Cashing in on whales: cetaceans as symbol and commodity along the northern Pacific coast, 1959-2008

Author: 
Peer reviewed: 
No, item is not peer reviewed.
Date created: 
2009
Keywords: 
Tourism -- British Columbia -- History
Tourism -- West (U.S.)
Aquariums
Whale watching -- British Columbia -- Pacific Coast
Whaling -- Washington (State) -- Neah Bay
Cetacea
Tourism
Pacific Northwest
Cetaceans
Aquariums
Whale watching
Conservation
Abstract: 

This thesis traces shifts in how humans related to cetaceans in the late twentieth century. Economic transitions from whaling to whale watching revealed not only a growing affinity for whales, dolphins, and porpoises but also how humans recommodified animals from resources to objects of research, entertainment, and reverence. In the process new cultural and social fissures opened. Cetaceans divided people by class, geography, and race. Views about whales divided over proprietary rights, scientific discoveries, and regional identity. Humans' interactions with cetaceans revealed much about their relationship with nature and with each other. This thesis uses primary and secondary sources, including studies of wildlife and theme park experiences, news media reports, and oral interviews with whale watching workers, scientists, and activists.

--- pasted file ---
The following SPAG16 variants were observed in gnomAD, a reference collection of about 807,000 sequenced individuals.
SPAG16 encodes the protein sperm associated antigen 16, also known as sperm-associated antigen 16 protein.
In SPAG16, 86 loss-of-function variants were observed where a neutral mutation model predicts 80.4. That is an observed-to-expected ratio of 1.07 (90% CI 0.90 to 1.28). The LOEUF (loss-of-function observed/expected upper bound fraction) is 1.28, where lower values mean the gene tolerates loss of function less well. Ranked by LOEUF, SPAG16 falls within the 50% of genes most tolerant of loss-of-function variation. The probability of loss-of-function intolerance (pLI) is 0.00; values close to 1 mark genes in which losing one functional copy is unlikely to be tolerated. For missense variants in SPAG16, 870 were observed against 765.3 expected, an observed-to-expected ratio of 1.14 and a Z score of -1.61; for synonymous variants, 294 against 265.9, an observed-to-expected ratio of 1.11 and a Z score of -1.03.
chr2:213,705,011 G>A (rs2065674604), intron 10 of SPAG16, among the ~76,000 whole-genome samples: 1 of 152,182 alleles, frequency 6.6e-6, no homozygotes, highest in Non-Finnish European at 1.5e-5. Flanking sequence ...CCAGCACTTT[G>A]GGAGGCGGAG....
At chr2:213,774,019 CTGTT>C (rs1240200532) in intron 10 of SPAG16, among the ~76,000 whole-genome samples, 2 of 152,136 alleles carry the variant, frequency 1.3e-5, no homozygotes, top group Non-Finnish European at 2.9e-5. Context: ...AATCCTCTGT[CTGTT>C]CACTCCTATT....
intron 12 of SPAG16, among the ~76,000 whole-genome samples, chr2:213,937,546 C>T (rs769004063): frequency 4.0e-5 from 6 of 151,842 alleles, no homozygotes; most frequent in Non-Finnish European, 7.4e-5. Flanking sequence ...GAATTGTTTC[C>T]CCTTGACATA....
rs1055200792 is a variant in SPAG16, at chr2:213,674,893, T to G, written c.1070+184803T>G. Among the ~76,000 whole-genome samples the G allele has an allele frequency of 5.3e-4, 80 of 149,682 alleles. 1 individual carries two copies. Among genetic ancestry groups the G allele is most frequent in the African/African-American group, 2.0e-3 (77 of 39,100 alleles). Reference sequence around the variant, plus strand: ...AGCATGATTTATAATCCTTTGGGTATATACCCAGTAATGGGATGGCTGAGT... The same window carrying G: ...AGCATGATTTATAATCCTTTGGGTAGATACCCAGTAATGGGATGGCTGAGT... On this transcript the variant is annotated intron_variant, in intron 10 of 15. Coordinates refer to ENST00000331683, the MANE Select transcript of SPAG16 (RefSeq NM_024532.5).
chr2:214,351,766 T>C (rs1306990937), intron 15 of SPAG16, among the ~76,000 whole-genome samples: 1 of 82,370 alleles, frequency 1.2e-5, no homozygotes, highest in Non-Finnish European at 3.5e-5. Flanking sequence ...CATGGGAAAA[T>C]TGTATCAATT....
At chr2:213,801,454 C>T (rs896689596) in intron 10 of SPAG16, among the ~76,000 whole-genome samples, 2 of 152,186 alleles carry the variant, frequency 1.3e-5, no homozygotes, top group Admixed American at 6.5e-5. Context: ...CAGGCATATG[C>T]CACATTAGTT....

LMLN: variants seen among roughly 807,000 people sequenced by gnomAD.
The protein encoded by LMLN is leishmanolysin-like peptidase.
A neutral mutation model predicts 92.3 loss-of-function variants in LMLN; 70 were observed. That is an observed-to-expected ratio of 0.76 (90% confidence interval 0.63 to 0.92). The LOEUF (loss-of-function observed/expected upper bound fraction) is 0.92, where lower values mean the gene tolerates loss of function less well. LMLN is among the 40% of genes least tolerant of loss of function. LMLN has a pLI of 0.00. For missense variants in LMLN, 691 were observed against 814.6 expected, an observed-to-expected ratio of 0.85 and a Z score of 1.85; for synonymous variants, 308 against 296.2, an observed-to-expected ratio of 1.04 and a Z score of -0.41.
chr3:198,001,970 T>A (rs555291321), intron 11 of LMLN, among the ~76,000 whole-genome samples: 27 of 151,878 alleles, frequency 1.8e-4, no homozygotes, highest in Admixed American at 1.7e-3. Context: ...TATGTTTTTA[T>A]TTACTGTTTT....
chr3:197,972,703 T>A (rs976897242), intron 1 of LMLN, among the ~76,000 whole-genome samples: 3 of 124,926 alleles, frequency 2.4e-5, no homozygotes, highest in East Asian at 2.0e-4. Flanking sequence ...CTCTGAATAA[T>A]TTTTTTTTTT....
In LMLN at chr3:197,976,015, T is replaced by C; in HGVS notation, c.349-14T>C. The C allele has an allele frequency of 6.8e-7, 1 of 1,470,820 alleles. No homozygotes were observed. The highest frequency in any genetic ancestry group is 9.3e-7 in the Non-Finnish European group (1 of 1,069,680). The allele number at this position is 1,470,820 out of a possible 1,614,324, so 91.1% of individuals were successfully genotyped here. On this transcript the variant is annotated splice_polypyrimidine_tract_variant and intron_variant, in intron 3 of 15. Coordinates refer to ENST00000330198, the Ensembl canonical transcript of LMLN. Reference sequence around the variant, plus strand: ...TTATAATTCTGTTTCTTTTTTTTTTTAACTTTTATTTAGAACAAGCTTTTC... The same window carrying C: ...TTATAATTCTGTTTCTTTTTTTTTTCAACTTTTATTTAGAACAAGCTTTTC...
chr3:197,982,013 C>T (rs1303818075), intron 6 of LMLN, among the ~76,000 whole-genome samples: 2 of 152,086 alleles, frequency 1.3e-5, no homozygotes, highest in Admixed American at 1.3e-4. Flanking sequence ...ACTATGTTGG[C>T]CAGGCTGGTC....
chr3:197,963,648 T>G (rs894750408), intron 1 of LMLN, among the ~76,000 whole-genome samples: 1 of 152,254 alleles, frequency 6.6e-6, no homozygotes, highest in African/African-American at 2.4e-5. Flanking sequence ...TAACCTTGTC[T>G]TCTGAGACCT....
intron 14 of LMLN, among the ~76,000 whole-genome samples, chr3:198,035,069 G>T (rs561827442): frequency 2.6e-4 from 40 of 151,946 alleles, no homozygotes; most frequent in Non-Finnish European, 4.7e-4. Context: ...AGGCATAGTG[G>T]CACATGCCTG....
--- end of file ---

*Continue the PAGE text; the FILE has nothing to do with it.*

Language: 
English
Document type: 
Thesis
Rights: 
Copyright remains with the author. The author granted permission for the file to be printed and for the text to be copied and pasted.
Supervisor(s): 
J
Department: 
Dept. of History - Simon Fraser University
Thesis type: 
Thesis (M.A.)
Statistics: